- Cost savings: A shorter workweek can result in cost savings for employers, including lower electricity bills and other operational costs.
However, there are also some potential cons of a four-day workweek, including:
- Longer work hours: With only four days to complete work tasks, employees may have to work longer hours, leading to exhaustion and burnout.
- Reduced income: A shorter workweek may result in reduced employee income, which could be a concern for some.
- Difficulty coordinating schedules: A four-day workweek can be challenging, especially in industries requiring a five-day workweek, such as healthcare and retail.
- Reduced customer service: A shorter workweek may result in reduced customer service availability, leading to dissatisfaction and customer loss.
What makes the four-day work week work?
For the four-day workweek to be successful, a few essential factors must be considered. Firstly, employers must set clear employee expectations and goals, emphasizing productivity and efficiency. Secondly, employees must manage their workload effectively and efficiently, ensuring they can complete their tasks within the reduced timeframe. Finally, communication and collaboration between employees must be optimized to ensure that work tasks can be completed efficiently and effectively.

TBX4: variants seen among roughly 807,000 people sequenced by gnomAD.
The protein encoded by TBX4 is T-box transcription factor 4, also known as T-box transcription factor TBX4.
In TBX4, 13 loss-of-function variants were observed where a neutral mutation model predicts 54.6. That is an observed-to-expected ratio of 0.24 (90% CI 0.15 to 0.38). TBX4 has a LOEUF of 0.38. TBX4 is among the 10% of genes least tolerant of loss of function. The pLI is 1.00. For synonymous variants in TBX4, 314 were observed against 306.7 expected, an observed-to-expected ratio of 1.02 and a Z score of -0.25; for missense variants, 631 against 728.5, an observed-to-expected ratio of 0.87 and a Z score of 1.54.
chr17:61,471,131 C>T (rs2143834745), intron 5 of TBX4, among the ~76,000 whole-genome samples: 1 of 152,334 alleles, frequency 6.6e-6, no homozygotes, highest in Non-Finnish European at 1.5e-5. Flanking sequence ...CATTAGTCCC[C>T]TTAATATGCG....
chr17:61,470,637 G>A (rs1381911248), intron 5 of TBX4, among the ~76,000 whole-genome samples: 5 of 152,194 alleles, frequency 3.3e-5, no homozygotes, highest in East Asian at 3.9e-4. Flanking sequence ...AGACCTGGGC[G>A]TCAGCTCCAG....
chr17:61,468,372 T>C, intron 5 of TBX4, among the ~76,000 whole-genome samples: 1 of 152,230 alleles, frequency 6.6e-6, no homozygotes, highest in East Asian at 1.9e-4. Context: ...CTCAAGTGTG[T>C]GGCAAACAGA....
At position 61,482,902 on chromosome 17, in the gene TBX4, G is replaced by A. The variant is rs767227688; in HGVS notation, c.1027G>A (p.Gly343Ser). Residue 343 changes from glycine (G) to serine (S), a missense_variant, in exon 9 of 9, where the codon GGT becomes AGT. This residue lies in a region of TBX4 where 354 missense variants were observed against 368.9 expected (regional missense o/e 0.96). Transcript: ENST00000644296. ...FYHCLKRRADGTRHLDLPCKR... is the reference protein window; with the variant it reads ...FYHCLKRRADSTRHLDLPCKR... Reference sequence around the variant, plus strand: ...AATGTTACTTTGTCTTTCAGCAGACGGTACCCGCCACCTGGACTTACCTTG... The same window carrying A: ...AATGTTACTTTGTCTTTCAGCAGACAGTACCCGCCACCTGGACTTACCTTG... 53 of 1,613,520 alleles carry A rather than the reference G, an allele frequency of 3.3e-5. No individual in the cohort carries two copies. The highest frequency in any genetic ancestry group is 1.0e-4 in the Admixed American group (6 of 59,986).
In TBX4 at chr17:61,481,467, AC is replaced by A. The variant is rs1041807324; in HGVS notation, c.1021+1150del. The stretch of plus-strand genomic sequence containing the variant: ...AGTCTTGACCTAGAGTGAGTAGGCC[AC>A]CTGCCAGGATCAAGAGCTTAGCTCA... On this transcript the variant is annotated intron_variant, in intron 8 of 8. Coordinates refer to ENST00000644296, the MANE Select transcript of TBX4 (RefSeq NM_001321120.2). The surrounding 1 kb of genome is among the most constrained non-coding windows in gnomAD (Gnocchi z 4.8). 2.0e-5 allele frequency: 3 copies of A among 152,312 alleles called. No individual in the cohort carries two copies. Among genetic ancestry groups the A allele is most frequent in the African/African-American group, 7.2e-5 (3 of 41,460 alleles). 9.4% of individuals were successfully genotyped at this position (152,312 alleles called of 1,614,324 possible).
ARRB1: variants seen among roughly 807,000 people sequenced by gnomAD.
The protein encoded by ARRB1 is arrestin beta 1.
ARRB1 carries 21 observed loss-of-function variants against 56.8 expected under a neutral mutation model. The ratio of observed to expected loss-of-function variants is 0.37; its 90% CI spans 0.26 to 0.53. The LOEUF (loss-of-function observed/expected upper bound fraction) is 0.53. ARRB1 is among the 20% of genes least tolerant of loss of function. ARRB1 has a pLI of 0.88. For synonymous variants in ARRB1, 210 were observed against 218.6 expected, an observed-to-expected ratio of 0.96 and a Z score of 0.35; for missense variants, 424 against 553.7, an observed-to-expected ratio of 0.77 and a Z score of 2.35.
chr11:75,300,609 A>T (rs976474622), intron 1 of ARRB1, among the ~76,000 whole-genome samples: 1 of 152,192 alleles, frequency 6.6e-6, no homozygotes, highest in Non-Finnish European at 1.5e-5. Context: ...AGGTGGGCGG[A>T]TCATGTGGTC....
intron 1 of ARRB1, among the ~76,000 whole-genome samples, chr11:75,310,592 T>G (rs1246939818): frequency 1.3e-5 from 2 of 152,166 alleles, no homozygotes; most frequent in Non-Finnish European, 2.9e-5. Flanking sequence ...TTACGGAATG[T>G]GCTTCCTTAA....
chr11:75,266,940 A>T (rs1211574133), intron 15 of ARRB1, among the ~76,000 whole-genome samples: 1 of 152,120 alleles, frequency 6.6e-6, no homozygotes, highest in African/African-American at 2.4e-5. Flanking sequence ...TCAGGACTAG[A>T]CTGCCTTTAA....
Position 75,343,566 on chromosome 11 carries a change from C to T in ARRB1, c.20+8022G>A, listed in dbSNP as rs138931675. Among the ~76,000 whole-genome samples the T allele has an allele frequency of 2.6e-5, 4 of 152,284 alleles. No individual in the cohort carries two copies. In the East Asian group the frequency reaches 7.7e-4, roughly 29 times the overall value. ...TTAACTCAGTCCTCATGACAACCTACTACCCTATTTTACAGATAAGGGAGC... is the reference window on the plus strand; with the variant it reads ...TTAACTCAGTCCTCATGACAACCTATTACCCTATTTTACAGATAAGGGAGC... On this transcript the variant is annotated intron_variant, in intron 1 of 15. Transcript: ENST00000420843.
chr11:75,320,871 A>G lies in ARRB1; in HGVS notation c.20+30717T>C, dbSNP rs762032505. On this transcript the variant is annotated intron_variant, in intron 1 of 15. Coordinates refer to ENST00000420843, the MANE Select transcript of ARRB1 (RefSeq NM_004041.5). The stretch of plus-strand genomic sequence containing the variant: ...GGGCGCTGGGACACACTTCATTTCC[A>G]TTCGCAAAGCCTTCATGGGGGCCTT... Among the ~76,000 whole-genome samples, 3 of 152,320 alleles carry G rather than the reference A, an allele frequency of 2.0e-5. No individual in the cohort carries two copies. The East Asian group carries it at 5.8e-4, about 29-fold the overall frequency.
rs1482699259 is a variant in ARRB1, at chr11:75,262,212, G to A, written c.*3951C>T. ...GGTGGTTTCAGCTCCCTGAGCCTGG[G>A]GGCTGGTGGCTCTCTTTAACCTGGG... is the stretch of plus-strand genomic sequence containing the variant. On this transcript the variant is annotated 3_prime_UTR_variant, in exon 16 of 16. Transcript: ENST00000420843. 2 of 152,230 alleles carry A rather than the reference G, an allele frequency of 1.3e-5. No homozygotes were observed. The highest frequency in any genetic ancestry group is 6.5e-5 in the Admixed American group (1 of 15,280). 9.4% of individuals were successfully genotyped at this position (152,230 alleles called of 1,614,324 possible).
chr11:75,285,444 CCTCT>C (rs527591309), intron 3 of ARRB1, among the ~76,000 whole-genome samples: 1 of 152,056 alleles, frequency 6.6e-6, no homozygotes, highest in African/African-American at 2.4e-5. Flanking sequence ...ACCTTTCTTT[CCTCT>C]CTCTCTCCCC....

Reading these back, one can’t help but wonder – should we not already be focused on integrating these practices into our workplaces?
Who’s out there using it successfully?
The four-day workweek has been used successfully in various countries and industries. In New Zealand, for example, a financial services company, Perpetual Guardian, implemented a four-day workweek in 2018, resulting in improved work-life balance and increased productivity. In Japan, Microsoft also experimented with a four-day workweek and has documented how it lead to improvements in employee happiness and productivity. Other companies that have implemented the four-day workweek successfully include Shake Shack and Unilever.
Is it already law in any jurisdictions?
Currently, there is no law mandating the use of a four-day workweek. However, some countries, including Germany and the Netherlands, have laws in place that allow employees to reduce their working hours. Closer to home, some rural Ontario municipalities are implementing the four-day work week for their operations. We’re sure many others are keeping a keen eye on these experiments to watch how they turn out.